Art B

      March 28, 2023 1:43 pm
      • Commenter Avatar
        Jay

        You should take a look at that data again. The important number is the failure to incapacitate rate… Which was 40% for 32 compared to only 16% for 38.

        June 26, 2023 7:28 pm
    • Commenter Avatar
      Chuck Cochran

      Left out the North American Arms Guardian. Still made here in the USA. Available in .32 or .380 ACP, and also their proprietary .32 NAA they developed with Corbin.
      Another note on the Walther PP, is that the PP was the first successful production DA/SA. All the earlier guns were SA and many later are DAO.
      Walther is still making the PPK, but it would be nice to see them reintroduce the PP.

      March 26, 2023 11:42 pm
    • Commenter Avatar
      Bill

      Nice article; please make a correction to the statement “Seecamp as a company isn’t really around anymore“ the original company still makes high quality firearms, you can reach a live person if you call them, their customer service is exceptional and their website is literally the name of their company.

      March 26, 2023 3:40 am
    • Commenter Avatar
      Robert Mitchell

      Great article. I own a few of the pistols listed here. However, my SIG 230 is in .380 ACP. I've never seen the .32 version here in the US. On a similar note I have a Beretta 85, also in .380 ACP. Again, I don't recall ever seeing the .32 version here. And I think Walther is currently only putting out .380s in Arkansas. You might have to really be patient if you really want a .32 version of the bigger guns shown here.

      February 14, 2023 9:40 pm
      • Commenter Avatar
        D. George

        I have a Beretta .32 purchased in Mississippi from a local gun shop. It was used but in excellent condition. It is a good solid shooter and excellent when I can't carry a larger weapon.

        March 16, 2023 4:50 pm
    • Commenter Avatar
      John Hanegan

      Very nice article, please post many more.

      January 2, 2023 2:08 am
    • Commenter Avatar
      Tim Klein

      I consider the PPK the best looking of the bunch; but the Guardian would be my choice considering price and affordability.

      December 4, 2022 10:03 pm
    • Commenter Avatar
      Qwik

      I have one 84bb. The Tomcat-CZ70-Savage 1917-P32-and I'm still trying to get the rest. Looking at an FEG AP-MBP. I had a PP it was stolen in a burglary. I wish someone made a 500ish colt hammerless clone

      October 16, 2022 5:31 pm
    • Commenter Avatar
      derek

      No mention of the Baretta 80 serie in 32? Oh my goodness. I guess its imported so it can be a bit rare and overpriced.

      Easily the best 32 out there though. Has actual sights and double stack mag.

      July 5, 2022 11:03 pm
    • Commenter Avatar
      clem

      love the keltec p32 .. used to drop it in my pocket and not worry about it ..till i shot my trigger finger and kneecap with it while taking keys out of the same pocket.. do use a pocket holster and dont put anything else in the same pocket..put fmj in so it feeds well .. 32 is semi rimmed and a lot of hollow points are too short and get hung up on other rounds in mag.plus fmj has better penetration..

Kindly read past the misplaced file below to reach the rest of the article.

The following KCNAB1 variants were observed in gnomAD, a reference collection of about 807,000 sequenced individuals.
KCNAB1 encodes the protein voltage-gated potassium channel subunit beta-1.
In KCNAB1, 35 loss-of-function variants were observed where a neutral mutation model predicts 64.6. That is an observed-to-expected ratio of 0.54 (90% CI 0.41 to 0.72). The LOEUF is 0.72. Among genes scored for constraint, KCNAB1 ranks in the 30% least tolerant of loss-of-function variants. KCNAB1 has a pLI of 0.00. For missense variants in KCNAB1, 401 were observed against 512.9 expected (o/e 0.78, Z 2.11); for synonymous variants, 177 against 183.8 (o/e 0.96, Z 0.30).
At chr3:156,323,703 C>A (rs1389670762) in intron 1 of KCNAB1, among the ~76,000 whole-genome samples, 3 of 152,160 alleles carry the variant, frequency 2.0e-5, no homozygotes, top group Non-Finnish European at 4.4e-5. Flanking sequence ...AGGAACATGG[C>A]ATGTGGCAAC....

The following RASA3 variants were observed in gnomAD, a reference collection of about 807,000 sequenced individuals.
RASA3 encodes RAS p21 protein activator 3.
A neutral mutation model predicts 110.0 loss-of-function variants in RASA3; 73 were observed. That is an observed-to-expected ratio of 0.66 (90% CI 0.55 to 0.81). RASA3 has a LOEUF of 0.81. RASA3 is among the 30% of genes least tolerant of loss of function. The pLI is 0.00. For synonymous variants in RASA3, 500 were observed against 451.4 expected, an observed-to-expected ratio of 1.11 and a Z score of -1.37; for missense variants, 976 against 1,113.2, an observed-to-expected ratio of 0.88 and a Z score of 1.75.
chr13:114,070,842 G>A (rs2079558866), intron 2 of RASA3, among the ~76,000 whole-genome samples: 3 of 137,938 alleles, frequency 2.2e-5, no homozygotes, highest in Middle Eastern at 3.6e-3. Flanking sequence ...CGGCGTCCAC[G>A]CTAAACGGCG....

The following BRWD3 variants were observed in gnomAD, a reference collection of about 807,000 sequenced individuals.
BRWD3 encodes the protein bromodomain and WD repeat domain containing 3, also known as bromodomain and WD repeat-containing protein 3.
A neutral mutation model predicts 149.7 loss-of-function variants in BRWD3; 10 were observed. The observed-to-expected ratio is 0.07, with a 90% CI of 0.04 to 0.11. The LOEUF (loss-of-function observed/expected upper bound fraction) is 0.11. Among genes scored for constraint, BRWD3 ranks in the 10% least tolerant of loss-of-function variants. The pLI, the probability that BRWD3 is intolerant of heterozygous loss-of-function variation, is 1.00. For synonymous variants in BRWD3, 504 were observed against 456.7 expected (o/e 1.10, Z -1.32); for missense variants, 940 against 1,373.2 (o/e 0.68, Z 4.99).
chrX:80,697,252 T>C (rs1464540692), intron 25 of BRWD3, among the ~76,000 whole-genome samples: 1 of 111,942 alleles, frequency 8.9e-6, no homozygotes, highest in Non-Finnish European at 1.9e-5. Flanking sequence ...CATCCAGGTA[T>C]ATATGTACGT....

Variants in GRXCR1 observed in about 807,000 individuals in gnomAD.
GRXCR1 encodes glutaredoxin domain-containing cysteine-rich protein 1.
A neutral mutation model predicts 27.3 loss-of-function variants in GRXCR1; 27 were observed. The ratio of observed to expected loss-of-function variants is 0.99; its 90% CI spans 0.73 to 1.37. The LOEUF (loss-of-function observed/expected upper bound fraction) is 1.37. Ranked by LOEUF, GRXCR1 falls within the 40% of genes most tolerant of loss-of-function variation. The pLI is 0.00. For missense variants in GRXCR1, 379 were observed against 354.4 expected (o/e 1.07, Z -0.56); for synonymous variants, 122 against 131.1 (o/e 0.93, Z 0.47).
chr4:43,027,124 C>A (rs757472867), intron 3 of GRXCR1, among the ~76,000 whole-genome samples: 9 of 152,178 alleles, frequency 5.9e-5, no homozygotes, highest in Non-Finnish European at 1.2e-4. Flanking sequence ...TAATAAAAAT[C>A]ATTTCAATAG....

July 4, 2022 7:01 pm
      • Commenter Avatar
        Michael Clay

        You probably shouldn't own any firearms if you are that stupid .

        March 26, 2023 7:45 pm
      • Commenter Avatar
        Jack Bloom

        Absolutely zero sympathy.

        September 9, 2023 8:42 am
    • Commenter Avatar
      West

      The frame on my Beretta Tomcat 3032 cracked. VERY poor design. Beretta started making this POS in the late 90s and discovered the weak frame about ten years later and issued a warning not to use ammo producing greater than 130 ft/lbs- like we all check the muzzle velocity when we buy ammo. Beretta has legendary POOR customer service. Newer Tomcats are still cracking. The Tomcat is an unreliable, cheaply made gun. Don't bet your life on this POS.

      June 5, 2022 10:10 pm
      • Commenter Avatar
        D

        The area of the Tomcat's frame that cracks is in a non-critical area. That area can be cut from the frame entirely. It has no effect on the performance of the firearm. This is a known thing. It is usually seen in the blued frames, not the Inox framed guns.

        June 7, 2022 7:55 pm
        • Commenter Avatar
          West

          I don't see how a cracked frame is safe to shoot regardless of where it is, particularly where the slide travels. No quality built pistol should have a frame failure using the caliber of bullet it is advertised for. I have many brands of guns, only one with a cracked frame- Beretta.

          June 8, 2022 8:13 pm
          • Commenter Avatar
            Qwik

            Well you don't own many guns. The series one Colt Delta Elite had a problem with that. Calling the quality of a Beretta into question speaks volumes to your firearms knowledge.